Intolerance in our society is a disease
Of course gays and lesbians should have the right to marry. Probably the best line to come out of this recent debate has to be, “Gays and lesbians have the right to be as miserable as everyone else.”
If you don’t want to get married, fine. Don’t get married.
But don’t go around telling other people what to do. You have no right to force your beliefs on others. Just read the First Amendment to the Constitution of the United States. It’s all there, chapter and verse.
I don’t know about you, but I am really turned off by bigotry. Can you believe that some people claim to be against marriage equality which would offer same-sex couples the same protections that heterosexuals have (love, health care, insurance, hospital visits and the like) because they think they are saving gays and lesbians from themselves?
This, of course, is such utter patronizing nonsense that it defies reason. Let those people channel their sanctimonious energy into helping poor people or countering all the other ills in the world instead of trying to force everyone to follow their rules.
The recent brouhaha in New York State over marriage equality reminds us that there are powerful forces in the land that would deny each and every one of us of our rights under some situations. Unless intolerance, bigotry and homophobia are fought on every societal level, they will spread like MRSA infections in some health facilities. This is serious stuff, as in a religious leader implying that gays will burn in hell for marrying. Maybe some of those religious leaders should take a look around and clean their own houses first.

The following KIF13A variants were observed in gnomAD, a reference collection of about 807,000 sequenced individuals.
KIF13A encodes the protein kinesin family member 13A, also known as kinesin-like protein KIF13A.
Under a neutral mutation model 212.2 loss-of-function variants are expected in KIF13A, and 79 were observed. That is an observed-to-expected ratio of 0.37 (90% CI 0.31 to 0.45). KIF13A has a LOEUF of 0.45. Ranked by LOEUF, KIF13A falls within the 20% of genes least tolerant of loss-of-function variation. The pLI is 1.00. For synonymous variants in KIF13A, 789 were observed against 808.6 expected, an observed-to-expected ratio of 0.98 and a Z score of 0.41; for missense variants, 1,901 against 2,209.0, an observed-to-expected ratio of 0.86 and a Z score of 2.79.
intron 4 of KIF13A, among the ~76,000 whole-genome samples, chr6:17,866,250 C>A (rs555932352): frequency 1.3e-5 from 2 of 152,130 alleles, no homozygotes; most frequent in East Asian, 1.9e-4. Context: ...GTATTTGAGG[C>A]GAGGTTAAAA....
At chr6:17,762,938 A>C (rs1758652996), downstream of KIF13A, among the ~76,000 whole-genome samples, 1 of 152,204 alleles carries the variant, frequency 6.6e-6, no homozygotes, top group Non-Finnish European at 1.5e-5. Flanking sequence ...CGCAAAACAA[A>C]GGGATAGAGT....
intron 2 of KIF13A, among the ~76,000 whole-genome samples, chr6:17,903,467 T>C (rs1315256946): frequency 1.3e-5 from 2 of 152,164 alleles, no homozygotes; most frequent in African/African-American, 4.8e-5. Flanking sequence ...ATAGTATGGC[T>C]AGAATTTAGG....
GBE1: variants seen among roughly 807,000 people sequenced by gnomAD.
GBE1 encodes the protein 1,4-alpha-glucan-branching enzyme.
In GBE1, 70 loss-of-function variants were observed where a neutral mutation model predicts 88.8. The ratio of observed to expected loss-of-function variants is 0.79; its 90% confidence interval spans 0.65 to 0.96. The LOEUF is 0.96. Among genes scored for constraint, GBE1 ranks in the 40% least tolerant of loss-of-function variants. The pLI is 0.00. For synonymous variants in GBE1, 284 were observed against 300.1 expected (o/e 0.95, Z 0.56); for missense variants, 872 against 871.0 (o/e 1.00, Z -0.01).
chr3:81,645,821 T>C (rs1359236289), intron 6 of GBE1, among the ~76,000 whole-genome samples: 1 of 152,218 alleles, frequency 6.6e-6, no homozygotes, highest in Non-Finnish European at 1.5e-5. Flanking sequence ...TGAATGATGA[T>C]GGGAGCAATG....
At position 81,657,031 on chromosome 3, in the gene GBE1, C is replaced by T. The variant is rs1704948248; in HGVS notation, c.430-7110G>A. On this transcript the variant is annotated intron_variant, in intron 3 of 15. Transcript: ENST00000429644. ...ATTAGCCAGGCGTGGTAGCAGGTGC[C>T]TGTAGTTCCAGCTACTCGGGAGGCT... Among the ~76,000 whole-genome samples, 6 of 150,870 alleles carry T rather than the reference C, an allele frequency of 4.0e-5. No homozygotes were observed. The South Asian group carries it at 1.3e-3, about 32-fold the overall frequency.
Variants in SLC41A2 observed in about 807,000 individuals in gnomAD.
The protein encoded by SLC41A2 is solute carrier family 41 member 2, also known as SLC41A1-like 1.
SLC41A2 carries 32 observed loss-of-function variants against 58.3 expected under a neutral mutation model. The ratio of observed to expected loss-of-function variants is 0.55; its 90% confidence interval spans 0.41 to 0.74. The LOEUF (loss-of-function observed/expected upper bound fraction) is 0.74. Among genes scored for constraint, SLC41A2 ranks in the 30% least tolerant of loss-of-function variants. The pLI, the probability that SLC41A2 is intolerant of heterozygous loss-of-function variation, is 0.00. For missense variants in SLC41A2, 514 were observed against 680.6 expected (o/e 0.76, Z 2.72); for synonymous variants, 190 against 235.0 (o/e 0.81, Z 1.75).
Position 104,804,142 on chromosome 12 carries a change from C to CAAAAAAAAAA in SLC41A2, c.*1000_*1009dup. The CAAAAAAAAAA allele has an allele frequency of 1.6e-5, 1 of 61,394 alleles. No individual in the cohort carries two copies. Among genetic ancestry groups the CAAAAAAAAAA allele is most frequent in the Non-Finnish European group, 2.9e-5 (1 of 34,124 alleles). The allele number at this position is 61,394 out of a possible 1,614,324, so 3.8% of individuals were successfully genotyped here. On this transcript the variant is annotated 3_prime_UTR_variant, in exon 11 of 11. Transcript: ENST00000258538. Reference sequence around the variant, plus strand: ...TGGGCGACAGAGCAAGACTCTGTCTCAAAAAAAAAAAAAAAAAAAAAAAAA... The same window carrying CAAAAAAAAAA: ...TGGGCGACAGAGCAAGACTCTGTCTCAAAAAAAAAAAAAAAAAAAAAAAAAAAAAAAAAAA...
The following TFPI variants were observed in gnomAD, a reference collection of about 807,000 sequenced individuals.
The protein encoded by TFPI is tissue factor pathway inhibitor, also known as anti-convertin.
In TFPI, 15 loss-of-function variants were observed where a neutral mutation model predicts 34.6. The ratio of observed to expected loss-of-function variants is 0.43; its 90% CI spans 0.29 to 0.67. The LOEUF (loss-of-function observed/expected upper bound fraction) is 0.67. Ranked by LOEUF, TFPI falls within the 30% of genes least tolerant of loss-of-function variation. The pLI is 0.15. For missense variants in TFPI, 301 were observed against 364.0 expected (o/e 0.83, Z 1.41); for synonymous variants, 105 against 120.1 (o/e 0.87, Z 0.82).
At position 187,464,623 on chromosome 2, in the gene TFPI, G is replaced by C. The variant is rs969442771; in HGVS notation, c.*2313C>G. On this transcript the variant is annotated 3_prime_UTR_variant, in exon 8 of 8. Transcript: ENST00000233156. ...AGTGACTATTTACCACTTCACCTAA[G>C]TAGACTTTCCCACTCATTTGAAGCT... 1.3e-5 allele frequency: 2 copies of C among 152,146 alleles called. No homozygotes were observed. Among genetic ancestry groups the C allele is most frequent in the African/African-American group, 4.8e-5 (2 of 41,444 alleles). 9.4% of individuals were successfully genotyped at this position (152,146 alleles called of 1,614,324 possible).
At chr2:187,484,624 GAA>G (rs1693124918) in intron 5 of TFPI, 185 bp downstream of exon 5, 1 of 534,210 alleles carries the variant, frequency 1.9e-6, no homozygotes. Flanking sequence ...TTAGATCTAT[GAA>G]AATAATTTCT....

The genesis of prejudice is to be found in a single word: “difference.” African-Americans are discriminated against because of the pigmentation of their skin. Just think of it — up until the late ‘60s, some states had laws actually prohibiting interracial marriages. Until a few short years ago, a person of color couldn’t be seated at a restaurant or drink out of a fountain used by white people.
There are kids alive today who have no idea about our painful history. Now the president of the United States is African-American. One of the best congressmen in the country is Barney Frank, but until a court decision here in Massachusetts allowed it, he would have been unable to marry another man if he wanted to.
There’s an old Tom Paxton song that Arlo Guthrie sings all the time. It’s called “I’m Changing My Name to Chrysler,” and in it, there’s a verse starting, “Since the first amphibian crawled out of the slime Š” Well, my bet is that shortly after that, two different guys went to two different caves, looked out and said, “Hey, he’s different. Kill him.”
If particular religions do not countenance the idea of same-sex marriage, that is their right. People can choose to stay and accept that or they can vote with their feet.
Many people are walking away from some religions because, among other reasons, what started as religions based on charity and decency have become religions based on prohibitions. That’s why we have so many emerging religions and so many atheists. It’s also why so many churches are empty and religious schools are closing. It’s why recent polls have shown that a majority of Americans are in favor of marriage equality. Many people, including Dick Cheney, have gay children. Nothing will turn a bigot into a human being faster than seeing his or her child discriminated against.
Some day, we will look back at all of this and shake our heads in disbelief.
Originally published in the Berkshire Eagle, 6/25/11